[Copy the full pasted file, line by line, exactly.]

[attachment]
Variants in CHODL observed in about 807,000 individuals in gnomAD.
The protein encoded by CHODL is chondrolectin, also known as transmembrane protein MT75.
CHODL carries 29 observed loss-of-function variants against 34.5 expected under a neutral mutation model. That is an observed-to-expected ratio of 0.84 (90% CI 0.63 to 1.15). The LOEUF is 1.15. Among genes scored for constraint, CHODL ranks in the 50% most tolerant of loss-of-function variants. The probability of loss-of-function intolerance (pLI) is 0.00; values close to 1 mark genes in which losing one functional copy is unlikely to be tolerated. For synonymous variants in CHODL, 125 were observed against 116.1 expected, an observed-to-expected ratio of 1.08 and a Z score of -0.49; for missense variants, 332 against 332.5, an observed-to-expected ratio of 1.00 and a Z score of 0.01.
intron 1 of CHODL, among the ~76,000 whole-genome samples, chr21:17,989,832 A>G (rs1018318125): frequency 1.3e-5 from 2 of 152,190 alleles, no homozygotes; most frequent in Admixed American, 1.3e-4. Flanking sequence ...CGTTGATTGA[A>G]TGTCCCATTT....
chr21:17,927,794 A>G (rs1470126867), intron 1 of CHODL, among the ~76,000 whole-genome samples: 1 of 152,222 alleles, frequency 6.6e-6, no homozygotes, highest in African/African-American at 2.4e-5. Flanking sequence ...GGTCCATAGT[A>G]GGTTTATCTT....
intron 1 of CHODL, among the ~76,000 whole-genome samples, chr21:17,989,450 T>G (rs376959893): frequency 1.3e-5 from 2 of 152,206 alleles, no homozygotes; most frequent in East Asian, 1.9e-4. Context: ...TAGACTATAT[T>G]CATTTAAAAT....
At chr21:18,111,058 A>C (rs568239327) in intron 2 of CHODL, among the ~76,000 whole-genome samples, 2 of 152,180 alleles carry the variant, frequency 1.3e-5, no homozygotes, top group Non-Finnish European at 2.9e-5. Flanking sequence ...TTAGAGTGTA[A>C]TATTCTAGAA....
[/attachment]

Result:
Variants in CHODL observed in about 807,000 individuals in gnomAD.
The protein encoded by CHODL is chondrolectin, also known as transmembrane protein MT75.
CHODL carries 29 observed loss-of-function variants against 34.5 expected under a neutral mutation model. That is an observed-to-expected ratio of 0.84 (90% CI 0.63 to 1.15). The LOEUF is 1.15. Among genes scored for constraint, CHODL ranks in the 50% most tolerant of loss-of-function variants. The probability of loss-of-function intolerance (pLI) is 0.00; values close to 1 mark genes in which losing one functional copy is unlikely to be tolerated. For synonymous variants in CHODL, 125 were observed against 116.1 expected, an observed-to-expected ratio of 1.08 and a Z score of -0.49; for missense variants, 332 against 332.5, an observed-to-expected ratio of 1.00 and a Z score of 0.01.
intron 1 of CHODL, among the ~76,000 whole-genome samples, chr21:17,989,832 A>G (rs1018318125): frequency 1.3e-5 from 2 of 152,190 alleles, no homozygotes; most frequent in Admixed American, 1.3e-4. Flanking sequence ...CGTTGATTGA[A>G]TGTCCCATTT....
chr21:17,927,794 A>G (rs1470126867), intron 1 of CHODL, among the ~76,000 whole-genome samples: 1 of 152,222 alleles, frequency 6.6e-6, no homozygotes, highest in African/African-American at 2.4e-5. Flanking sequence ...GGTCCATAGT[A>G]GGTTTATCTT....
intron 1 of CHODL, among the ~76,000 whole-genome samples, chr21:17,989,450 T>G (rs376959893): frequency 1.3e-5 from 2 of 152,206 alleles, no homozygotes; most frequent in East Asian, 1.9e-4. Context: ...TAGACTATAT[T>G]CATTTAAAAT....
At chr21:18,111,058 A>C (rs568239327) in intron 2 of CHODL, among the ~76,000 whole-genome samples, 2 of 152,180 alleles carry the variant, frequency 1.3e-5, no homozygotes, top group Non-Finnish European at 2.9e-5. Flanking sequence ...TTAGAGTGTA[A>C]TATTCTAGAA....